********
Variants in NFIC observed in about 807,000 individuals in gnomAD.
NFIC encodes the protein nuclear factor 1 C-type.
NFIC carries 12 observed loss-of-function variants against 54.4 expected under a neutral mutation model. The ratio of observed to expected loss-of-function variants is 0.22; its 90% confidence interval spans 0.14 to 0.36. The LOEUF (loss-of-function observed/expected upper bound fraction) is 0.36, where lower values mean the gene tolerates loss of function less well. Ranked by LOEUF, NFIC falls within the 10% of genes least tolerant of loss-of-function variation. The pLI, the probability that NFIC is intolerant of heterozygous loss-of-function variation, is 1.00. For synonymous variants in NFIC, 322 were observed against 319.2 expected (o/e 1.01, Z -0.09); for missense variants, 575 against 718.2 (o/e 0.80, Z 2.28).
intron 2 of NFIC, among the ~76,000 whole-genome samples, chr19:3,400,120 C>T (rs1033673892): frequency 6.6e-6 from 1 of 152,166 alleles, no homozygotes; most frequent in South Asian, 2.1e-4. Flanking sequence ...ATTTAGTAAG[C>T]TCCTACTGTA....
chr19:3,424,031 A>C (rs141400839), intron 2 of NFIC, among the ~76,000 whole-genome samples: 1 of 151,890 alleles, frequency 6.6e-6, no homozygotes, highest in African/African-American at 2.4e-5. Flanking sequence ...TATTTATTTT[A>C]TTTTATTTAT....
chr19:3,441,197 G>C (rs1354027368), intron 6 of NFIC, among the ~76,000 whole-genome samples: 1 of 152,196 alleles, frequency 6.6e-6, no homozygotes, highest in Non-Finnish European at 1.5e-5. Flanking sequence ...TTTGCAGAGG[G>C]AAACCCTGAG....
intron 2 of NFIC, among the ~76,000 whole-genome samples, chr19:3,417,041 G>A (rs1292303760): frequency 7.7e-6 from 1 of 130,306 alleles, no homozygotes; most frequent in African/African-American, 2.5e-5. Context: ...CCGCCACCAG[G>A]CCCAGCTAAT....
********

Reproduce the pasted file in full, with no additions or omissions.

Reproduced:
Variants in NFIC observed in about 807,000 individuals in gnomAD.
NFIC encodes the protein nuclear factor 1 C-type.
NFIC carries 12 observed loss-of-function variants against 54.4 expected under a neutral mutation model. The ratio of observed to expected loss-of-function variants is 0.22; its 90% confidence interval spans 0.14 to 0.36. The LOEUF (loss-of-function observed/expected upper bound fraction) is 0.36, where lower values mean the gene tolerates loss of function less well. Ranked by LOEUF, NFIC falls within the 10% of genes least tolerant of loss-of-function variation. The pLI, the probability that NFIC is intolerant of heterozygous loss-of-function variation, is 1.00. For synonymous variants in NFIC, 322 were observed against 319.2 expected (o/e 1.01, Z -0.09); for missense variants, 575 against 718.2 (o/e 0.80, Z 2.28).
intron 2 of NFIC, among the ~76,000 whole-genome samples, chr19:3,400,120 C>T (rs1033673892): frequency 6.6e-6 from 1 of 152,166 alleles, no homozygotes; most frequent in South Asian, 2.1e-4. Flanking sequence ...ATTTAGTAAG[C>T]TCCTACTGTA....
chr19:3,424,031 A>C (rs141400839), intron 2 of NFIC, among the ~76,000 whole-genome samples: 1 of 151,890 alleles, frequency 6.6e-6, no homozygotes, highest in African/African-American at 2.4e-5. Flanking sequence ...TATTTATTTT[A>C]TTTTATTTAT....
chr19:3,441,197 G>C (rs1354027368), intron 6 of NFIC, among the ~76,000 whole-genome samples: 1 of 152,196 alleles, frequency 6.6e-6, no homozygotes, highest in Non-Finnish European at 1.5e-5. Flanking sequence ...TTTGCAGAGG[G>C]AAACCCTGAG....
intron 2 of NFIC, among the ~76,000 whole-genome samples, chr19:3,417,041 G>A (rs1292303760): frequency 7.7e-6 from 1 of 130,306 alleles, no homozygotes; most frequent in African/African-American, 2.5e-5. Context: ...CCGCCACCAG[G>A]CCCAGCTAAT....